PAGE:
2019 was a GREAT year for exhibitions here in the UK. I was lucky I got to see quite a few of them. However, there was one exhibition that topped them all for me! The Dior: Designer of Dreams Exhibition at The V&A.
But what will 2020 bring? What tickets do you need to be booking now to avoid disappointment? Here’s my pick of the top exhibitions to keep an eye out for this year. Even better, there’s one for every month of the year!
What could be a more appropriate way to start a new year than with an exhibition all about new life? Portraying Pregnancy is a major exhibition exploring representations of the pregnant female body through portraits, over 500 years.
Pregnancy is such a major part of women’s life, but yet I can probably count on one hand the amount of times I’ve seen an historical portrait of a pregnant woman. I’m definitely intrigued and will be paying a visit on my annual trip to London in February.
24th January – 26th April 2020. Exhibition entrance included with admission.
This new exhibition at the Tate is the first in Britain to explore this overlooked period of art history. Expect grand-scale portraiture by the court painters and epic baroque murals.
4th February – 19th April 2020. Adult tickets £16. Please check website for concessions.
If you’ve been following me for a while you will know I have a bit of a passion for fashion history. So I was very excited to hear about The Fashion Museum’s exhibition for 2020. Shoephoria is devoted to the museum’s world-class collection of more than 3000 pairs of shoes.
Royal history fans will be interested in this exhibition too – look out for Queen Victoria’s boots and Queen Mary’s diamante bow shows.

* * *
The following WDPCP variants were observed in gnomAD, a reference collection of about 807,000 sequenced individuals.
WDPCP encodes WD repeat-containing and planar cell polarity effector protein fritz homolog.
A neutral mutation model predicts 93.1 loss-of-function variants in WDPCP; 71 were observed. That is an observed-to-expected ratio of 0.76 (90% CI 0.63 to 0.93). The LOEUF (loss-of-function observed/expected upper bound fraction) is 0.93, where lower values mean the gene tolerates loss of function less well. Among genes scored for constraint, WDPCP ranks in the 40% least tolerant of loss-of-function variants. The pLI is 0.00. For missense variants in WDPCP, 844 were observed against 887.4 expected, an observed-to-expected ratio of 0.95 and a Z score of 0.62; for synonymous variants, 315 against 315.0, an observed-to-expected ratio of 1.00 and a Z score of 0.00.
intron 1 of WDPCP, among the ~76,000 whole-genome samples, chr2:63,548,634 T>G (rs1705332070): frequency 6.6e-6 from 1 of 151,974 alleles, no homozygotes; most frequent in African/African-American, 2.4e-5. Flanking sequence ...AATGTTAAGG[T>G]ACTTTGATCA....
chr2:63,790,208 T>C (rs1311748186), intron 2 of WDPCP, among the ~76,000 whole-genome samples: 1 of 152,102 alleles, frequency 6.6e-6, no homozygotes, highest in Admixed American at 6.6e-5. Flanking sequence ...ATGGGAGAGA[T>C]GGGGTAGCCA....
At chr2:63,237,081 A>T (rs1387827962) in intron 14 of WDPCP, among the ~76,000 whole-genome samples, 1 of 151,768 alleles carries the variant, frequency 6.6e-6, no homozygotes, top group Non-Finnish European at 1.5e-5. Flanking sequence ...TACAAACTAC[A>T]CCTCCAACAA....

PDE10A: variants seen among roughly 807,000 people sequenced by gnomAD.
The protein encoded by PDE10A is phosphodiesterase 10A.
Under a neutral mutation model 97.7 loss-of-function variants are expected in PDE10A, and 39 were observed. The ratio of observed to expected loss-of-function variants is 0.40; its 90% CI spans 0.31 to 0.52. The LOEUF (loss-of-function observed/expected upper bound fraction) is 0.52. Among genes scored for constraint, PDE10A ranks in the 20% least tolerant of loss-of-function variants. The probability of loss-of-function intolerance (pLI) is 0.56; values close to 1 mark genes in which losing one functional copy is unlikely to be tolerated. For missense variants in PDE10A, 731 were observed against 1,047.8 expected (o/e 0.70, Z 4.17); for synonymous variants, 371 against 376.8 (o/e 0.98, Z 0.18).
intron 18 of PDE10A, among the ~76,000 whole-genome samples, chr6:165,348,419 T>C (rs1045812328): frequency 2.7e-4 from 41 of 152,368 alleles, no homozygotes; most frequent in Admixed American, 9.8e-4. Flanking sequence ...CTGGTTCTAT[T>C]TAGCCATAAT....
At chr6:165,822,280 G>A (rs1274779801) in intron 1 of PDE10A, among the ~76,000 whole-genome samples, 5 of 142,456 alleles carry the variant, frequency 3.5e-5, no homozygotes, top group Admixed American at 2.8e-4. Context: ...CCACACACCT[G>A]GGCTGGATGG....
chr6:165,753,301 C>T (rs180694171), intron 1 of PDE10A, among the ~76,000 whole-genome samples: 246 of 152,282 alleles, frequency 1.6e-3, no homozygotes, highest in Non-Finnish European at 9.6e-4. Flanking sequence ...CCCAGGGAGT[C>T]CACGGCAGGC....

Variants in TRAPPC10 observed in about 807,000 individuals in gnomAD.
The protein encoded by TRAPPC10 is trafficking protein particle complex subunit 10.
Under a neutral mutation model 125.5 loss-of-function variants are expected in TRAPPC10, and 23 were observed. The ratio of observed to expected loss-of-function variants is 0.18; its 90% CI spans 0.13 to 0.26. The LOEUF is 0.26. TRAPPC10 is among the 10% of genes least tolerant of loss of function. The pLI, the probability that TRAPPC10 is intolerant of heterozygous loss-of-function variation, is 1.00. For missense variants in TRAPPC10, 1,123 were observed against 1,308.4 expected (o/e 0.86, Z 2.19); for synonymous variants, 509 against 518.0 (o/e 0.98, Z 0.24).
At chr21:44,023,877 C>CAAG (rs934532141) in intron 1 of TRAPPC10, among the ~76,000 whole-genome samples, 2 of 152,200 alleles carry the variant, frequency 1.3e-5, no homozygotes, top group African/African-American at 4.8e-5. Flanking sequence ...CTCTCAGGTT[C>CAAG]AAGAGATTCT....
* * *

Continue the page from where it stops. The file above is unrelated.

Opens 28th March 2020. Exhibition entrance included with admission.
You can’t beat a royal portrait. They’re the original propaganda-filled selfie. And this exhibition will be full of them – 150 of them from across five royal dynasties to be exact!
This exhibition will consist of a lot of loans from The National Portrait Gallery. I’m guessing as the gallery will be shutting in the summer for a three-year refurb we may see some royal portraits take up residence in this exhibition.
3rd April – 31st August 2020. Check website for ticket details.
This summer sees the 500th anniversary of The Field of the Cloth of Gold, the famous summit between Henry VIII and Francis I of France in 1520. As you can imagine, Hampton Court Palace is celebrating in style. Part of the celebrations include a new exhibition entitled Gold and Glory: Henry VIII and The French King.
The major new exhibition will star a never-before-seen Tudor tapestry as well as the Stonyhurst vestments, which were selected and taken by Henry VIII to the summit.
10th April – 31st August 2020. Included in palace admission.
As we enter the new Twenties, the National Portrait Gallery are throwing it back to the original Twenties with an exhibition devoted to renowned British photographer Cecil Beaton.
The Bright Young Things was a nickname given by the press to a group of young avant-garde aristocrats and socialites in 1920s Britain. Beaton was friends with many of them and captured them in some stunning photographs.
12th March – 7th June 2020. Adult tickets £20. Check website for concessions.